The AP-GfK poll indicates that Putin retains broad support, although only 18 percent expressed a strongly favorable view of him. At the other end of the spectrum, 14 percent expressed a somewhat or strongly unfavorable view. The majority falls in between, passively supportive but some increasingly cynical.
Magomed Abakarov, who works for the government in the North Caucasus city of Makhachkala, voted for Putin, but his support is tepid at best.
"I consider him a liar and a fake," Abakarov said. "Someday we'll know who the real Mr. Putin is, but under the current circumstances he is the best candidate for president. He can talk tough with the leader of any country."
The majority of Russians see their country as a stronger international power than it was before Putin became president in 2000, according to the poll.
Like many Russians, Abakarov said he voted for Putin because there was no viable alternative in a country where only Kremlin-approved candidates are allowed to run for president. Putin has centralized control over the political system, preventing the emergence of independent political leaders and reducing parliament to a rubber stamp.
The presidency is now the only institution that at least half of Russians feel can be trusted to do what is right, according to the AP-GfK poll. The military, still manned by conscripts, comes next with the trust of 41 percent.
The parliament only has the trust of about a quarter of the people and the same goes for the courts, which have been compromised by corrupt judges. Just 18 percent say they trust the police, who are notorious for shaking down motorists.
Corruption is among Russians' biggest concerns, with 91 percent of those surveyed in Moscow calling it a serious problem and almost as many, 85 percent, of those outside the capital saying the same. Even though Putin has failed to deliver on repeated pledges to crack down on corrupt officials, most Russians don't hold him responsible.
Grigory Mikheyev, a 28-year-old systems administrator in the far eastern town of Dalnegorsk, complained of a system of double standards.
"The laws seem fine, but they only apply to the selected few," he said. "The simple people get punished, while the bureaucrats get rich."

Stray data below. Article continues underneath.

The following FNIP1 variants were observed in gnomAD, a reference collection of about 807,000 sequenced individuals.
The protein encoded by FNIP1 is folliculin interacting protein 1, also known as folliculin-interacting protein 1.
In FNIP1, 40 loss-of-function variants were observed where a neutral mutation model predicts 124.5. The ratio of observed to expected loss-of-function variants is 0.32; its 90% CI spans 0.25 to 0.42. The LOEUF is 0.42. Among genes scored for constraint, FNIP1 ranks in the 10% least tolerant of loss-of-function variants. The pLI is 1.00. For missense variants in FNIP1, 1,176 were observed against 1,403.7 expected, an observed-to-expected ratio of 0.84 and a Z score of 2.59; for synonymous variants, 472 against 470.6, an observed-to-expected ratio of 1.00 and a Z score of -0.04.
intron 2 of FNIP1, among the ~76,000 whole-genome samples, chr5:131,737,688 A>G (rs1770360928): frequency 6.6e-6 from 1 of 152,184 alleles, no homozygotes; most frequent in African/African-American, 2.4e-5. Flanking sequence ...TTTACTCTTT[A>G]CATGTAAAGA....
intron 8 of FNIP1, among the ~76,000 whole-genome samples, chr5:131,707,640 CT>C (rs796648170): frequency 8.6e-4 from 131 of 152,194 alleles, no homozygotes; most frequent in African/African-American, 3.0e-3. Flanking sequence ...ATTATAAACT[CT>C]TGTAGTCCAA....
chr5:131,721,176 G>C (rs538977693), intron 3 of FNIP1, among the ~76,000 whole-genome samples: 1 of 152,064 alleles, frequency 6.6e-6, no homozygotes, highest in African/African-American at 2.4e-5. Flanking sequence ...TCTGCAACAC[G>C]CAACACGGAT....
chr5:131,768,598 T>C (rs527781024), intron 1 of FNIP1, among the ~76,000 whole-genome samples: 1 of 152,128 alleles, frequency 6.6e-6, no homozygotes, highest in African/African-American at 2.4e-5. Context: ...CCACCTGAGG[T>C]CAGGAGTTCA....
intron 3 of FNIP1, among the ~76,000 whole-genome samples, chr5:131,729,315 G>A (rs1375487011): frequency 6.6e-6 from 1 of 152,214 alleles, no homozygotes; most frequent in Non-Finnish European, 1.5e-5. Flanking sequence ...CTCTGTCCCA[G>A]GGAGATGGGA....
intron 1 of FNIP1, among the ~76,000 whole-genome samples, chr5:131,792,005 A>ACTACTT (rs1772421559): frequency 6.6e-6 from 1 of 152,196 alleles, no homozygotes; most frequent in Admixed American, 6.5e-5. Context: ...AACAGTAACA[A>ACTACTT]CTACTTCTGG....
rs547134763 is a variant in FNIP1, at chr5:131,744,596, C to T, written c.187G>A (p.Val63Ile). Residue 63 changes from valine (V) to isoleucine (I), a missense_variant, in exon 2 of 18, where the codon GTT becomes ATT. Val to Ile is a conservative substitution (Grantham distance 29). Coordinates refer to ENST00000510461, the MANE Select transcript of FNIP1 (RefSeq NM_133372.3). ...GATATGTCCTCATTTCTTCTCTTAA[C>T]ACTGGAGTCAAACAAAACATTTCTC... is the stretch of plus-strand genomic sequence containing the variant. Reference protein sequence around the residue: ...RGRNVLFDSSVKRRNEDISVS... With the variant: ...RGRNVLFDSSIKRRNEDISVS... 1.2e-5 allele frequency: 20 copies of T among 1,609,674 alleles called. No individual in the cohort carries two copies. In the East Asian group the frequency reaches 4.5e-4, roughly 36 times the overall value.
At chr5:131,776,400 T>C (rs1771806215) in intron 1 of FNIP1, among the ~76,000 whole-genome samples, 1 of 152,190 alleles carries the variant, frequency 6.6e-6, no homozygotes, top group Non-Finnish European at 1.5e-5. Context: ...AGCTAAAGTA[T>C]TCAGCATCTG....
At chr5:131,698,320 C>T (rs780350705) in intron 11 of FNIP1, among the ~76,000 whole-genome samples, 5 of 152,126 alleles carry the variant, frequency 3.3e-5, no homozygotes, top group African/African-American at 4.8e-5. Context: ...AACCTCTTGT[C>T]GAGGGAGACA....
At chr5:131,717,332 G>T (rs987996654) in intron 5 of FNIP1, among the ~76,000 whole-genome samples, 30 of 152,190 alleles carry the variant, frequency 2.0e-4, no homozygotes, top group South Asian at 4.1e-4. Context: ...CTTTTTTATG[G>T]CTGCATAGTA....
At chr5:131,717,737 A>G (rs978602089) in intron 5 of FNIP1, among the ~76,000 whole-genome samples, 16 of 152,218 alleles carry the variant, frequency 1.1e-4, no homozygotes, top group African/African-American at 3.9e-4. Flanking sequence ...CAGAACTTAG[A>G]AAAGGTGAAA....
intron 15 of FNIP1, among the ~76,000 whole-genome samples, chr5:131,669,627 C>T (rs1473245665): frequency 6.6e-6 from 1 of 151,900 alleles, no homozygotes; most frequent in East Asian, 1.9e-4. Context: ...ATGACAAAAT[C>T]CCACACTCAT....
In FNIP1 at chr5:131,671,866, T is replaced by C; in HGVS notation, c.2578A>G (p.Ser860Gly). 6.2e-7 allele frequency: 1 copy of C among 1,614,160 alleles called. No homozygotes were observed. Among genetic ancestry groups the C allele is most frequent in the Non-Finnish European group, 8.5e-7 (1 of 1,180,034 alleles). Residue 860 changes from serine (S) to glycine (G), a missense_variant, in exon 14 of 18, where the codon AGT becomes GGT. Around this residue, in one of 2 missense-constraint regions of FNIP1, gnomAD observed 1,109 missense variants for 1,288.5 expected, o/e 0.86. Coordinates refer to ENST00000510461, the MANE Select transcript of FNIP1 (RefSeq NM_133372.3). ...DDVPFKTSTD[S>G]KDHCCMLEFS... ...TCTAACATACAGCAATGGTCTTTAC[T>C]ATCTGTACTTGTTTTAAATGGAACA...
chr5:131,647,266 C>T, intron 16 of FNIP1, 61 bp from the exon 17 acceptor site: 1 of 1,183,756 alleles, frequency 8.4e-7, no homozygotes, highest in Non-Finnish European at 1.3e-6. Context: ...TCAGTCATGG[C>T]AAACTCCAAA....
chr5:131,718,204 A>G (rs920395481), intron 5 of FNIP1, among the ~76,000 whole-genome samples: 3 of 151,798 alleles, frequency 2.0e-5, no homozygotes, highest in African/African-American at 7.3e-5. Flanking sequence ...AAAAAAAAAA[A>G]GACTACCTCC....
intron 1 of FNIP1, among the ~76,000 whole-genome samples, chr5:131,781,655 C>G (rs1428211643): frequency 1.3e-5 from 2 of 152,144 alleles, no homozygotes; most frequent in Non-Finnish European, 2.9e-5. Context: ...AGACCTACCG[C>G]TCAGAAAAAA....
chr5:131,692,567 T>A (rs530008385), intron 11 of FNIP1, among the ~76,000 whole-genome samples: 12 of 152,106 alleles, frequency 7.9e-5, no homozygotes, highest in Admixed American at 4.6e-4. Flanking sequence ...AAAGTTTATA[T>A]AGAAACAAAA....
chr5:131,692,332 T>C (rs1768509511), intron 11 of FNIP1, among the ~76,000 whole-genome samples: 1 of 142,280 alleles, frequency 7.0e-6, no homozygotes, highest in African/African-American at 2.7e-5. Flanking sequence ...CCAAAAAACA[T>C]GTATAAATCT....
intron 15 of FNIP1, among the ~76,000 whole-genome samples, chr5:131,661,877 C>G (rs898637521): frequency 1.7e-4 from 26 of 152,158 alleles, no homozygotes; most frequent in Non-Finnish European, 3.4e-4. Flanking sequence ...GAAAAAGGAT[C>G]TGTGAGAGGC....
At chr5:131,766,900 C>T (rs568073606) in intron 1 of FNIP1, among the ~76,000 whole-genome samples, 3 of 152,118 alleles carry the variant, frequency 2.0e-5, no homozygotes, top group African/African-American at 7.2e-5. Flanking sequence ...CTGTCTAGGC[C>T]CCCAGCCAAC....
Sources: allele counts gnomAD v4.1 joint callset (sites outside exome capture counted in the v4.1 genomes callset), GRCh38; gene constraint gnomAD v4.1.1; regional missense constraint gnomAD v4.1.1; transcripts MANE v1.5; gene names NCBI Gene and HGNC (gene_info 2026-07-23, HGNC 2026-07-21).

Still, Mikheyev said he generally approves of Putin.
In keeping with the disparity between the capital and the rest of the country, Muscovites are far more likely to see election fraud as a serious problem: 56 percent compared with 37 percent elsewhere.
Guskov, the 21-year-old Moscow student, expressed frustration over what he sees as one-man rule.
"He is still a czar and Russia is the kind of country where a lot depends on a single person," Guskov said. "But we as a people are trying to do something, so we go to protests and demonstrate our discontent."
A major factor behind the divergence between Moscow and the rest of Russia is that about half of those surveyed live in small towns and rural areas, where most people still get their news from the Kremlin-controlled national television networks.
Half of the respondents outside the capital said they do not use the Internet, compared with only 10 percent in Moscow. Without access to the Internet, they have not seen the flood of videos purporting to show blatant vote rigging or read about alleged corruption in political and business circles close to Putin.
Without the Internet, many Russians are unlikely to know much about Alexei Navalny, a charismatic corruption fighter and blogger who is a leader of the anti-Putin protest movement. In Moscow, only 15 percent said they had no opinion of Navalny, compared with 46 percent in the rest of the country.
This may change, however, as the number of Internet users rises steadily. The Public Opinion Foundation said 38 percent of Russians now use the Internet daily, up from 22 percent just two years ago.
Residents of Moscow also differ from the rest of their countrymen with their far more pessimistic view of Russia's oil-based economy, perhaps because they are more aware of the challenges ahead.
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